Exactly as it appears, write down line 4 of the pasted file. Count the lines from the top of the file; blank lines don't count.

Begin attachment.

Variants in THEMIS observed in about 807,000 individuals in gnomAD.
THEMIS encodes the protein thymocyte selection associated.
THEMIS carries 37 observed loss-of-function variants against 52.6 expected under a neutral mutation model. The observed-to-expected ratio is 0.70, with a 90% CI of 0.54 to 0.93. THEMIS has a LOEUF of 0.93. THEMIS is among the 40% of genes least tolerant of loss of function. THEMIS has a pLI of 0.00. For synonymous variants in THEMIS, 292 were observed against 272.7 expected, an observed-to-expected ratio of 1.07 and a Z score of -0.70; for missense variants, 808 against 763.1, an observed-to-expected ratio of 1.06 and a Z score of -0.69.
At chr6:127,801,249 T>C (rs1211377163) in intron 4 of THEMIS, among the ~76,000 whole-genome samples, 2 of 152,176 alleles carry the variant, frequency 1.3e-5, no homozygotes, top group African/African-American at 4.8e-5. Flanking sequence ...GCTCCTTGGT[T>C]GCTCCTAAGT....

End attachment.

At chr6:127,801,249 T>C (rs1211377163) in intron 4 of THEMIS, among the ~76,000 whole-genome samples, 2 of 152,176 alleles carry the variant, frequency 1.3e-5, no homozygotes, top group African/African-American at 4.8e-5. Flanking sequence ...GCTCCTTGGT[T>C]GCTCCTAAGT....